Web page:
What's that? You didn't know that eating spicy food can actually help to cool you down? Let me break it down for you real simple like: Eating spicy foods raises your internal temperature which causes you to sweat, and as the moisture evaporates, you are effectively cooled down. So there you go. Plus, it's super tasty and makes your melon soup way more badass.

serves 4
Ingredients
for the soup:
1 cantaloupe or Tuscan melon, seeded and chopped
1/2 cucumber, peeled, seeded and diced
1 large shallot, minced
1/2 cup water
3 tbsp. olive oil
salt and pepper, to taste
Thai basil leaves, for garnish
Thai chiles, thinly sliced, for garnish

for the chile oil:
1/2 oz. dried Thai chiles
1/2 tsp. Szechuan peppercorns
1/2 cup olive oil or peanut oil
pinch of salt

Instructions
1. Place melon, cucumber, shallot, water and olive oil in a blender or food processor and puree until smooth, Season to taste with salt and pepper. Refrigerate for at least 1 hour or until chilled.
2. To make chile oil, place chiles and peppercorns in a food processor and pulse until coarsely ground.
3. Heat olive oil in a small saucepan over medium heat and add chile and peppercorn mixture. Continue to cook over moderate heat for an additional 5 minutes. Add salt, remove from heat and allow to cool completely before using.
4. To serve, ladle chilled soup into bowls and garnish with chile oil, chile slices and Thai basil.

9.11.2014

Lemon Pudding Parfaits


Ok, so I know it's September and a big part of me is getting so excited for Fall in all of it's comfy, cozy, pumpkin- flavored-everything glory, but it still feels like the dog days of summer around these parts.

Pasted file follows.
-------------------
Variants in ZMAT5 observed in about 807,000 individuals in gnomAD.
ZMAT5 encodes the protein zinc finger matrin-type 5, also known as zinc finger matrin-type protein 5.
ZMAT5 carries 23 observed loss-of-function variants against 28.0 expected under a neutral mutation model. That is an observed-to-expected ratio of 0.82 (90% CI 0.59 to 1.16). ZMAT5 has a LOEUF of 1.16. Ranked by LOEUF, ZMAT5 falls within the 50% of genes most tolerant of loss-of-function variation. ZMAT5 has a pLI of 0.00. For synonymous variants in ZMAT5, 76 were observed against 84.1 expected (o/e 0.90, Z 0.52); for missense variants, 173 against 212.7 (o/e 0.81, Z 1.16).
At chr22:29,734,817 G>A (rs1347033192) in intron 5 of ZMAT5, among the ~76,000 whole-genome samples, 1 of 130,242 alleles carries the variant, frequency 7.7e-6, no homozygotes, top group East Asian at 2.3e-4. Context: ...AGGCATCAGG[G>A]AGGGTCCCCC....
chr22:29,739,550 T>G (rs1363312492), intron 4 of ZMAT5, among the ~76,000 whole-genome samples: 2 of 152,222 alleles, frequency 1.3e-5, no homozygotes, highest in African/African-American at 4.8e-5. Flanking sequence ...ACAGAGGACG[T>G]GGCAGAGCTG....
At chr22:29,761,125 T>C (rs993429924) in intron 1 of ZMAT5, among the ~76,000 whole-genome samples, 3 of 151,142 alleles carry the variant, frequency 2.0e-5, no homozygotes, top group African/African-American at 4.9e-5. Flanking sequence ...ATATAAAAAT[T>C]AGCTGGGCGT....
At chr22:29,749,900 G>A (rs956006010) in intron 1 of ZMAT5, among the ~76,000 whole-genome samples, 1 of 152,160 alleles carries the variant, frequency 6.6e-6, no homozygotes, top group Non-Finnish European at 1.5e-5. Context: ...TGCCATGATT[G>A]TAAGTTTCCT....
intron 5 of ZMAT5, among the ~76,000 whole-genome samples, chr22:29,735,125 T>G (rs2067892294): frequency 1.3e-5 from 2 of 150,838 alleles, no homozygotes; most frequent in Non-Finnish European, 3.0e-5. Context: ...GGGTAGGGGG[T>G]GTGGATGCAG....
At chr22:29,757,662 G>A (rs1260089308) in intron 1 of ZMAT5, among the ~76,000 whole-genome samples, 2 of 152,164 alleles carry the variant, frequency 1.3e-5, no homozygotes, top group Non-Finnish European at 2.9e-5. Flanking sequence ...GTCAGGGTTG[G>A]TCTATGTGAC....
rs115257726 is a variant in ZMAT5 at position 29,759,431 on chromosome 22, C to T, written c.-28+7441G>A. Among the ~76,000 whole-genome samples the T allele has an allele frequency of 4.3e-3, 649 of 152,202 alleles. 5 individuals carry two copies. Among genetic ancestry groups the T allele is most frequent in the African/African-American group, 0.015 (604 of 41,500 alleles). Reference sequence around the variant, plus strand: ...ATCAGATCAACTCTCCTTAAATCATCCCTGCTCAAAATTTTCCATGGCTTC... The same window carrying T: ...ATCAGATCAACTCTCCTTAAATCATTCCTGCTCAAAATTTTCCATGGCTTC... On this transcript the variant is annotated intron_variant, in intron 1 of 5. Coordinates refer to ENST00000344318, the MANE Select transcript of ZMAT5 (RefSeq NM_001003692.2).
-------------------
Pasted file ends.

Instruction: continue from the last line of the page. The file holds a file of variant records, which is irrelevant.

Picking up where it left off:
SB is notorious for its long indian summers with clear and sunny 80 degree weather that can stretch on until practically November (with a handful of spectacular December/January beach days sprinkled in for good measure). In fact, sometimes it seems like summer hasn't even really begun until it's almost over! Crazy I know, but things just kind of show up whenever they feel like it in this sleepy little beach town. I'm ok with it.



So today I'm celebrating the end slash beginning of summer with this refreshing Lemon Pudding Parfait. Nothing says summer like a smooth, chilled, citrusy treat, but the gingersnap crumble gives a little hint that Fall is just around the corner...even if you won't be able to put on a sweater for another two months.


serves 6
Ingredients

for the lemon pudding:
3/4 cup sugar
1/4 cup cornstarch
2 1/2 cups milk
3 egg yolks, lightly beaten
2 tbsp. finely grated lemon zest
Pinch of salt
1/2 cup lemon juice
2 tbsp. unsalted butter, room temperature

for the ginger streusel:
4-5 gingersnap cookies, crushed
2/3 cup flour
1 tbsp. grated fresh ginger
1 tbsp. sugar
2 tbsp. chilled butter, cut into small pieces

1/2 cup lemon curd
Fresh whipped cream

Instructions
1.Whisk the sugar and the cornstarch together in a medium saucepan. Gradually add milk and whisk until smooth.
2. Add the egg yolks, lemon zest and salt to saucepan. Stir over medium heat until pudding thickens, then remove from heat and stir in the lemon juice and butter. Pass through a strainer into a large bowl and let cool to room temperature. Chill, loosely covered, for at least 2 hours or until set.
3. Preheat oven to 350 degrees. Combine gingersnap cookies, flour, ginger and sugar in a food processor and pulse until combined. Pour contents into a mixing bowl and add chilled butter cubes. Gently work the mixture with your fingers to combine crumbs with butter until clumps form.
4. Spread the streusel mixture in an even layer on a baking sheet and bake for 15-18 minutes or until crisp. Remove from oven and set aside to cool.
5. To serve parfaits, divide lemon curd evenly among the bottom of six small mason jars or glasses. Layer lemon pudding and ginger streusel any way you'd like. Top with whipped cream and sprinkle with more streusel.

8.25.2014

Mango Meringue Tarts


OMG you guys. My heart is positively aflutter over these cute little mango tartlets. If they had cheeks, I would pinch them, that's how adorable they are. And it's not just because I'm a complete sucker for anything mini, although if I'm being completely honest that probably has a teeny tiny bit to do with it.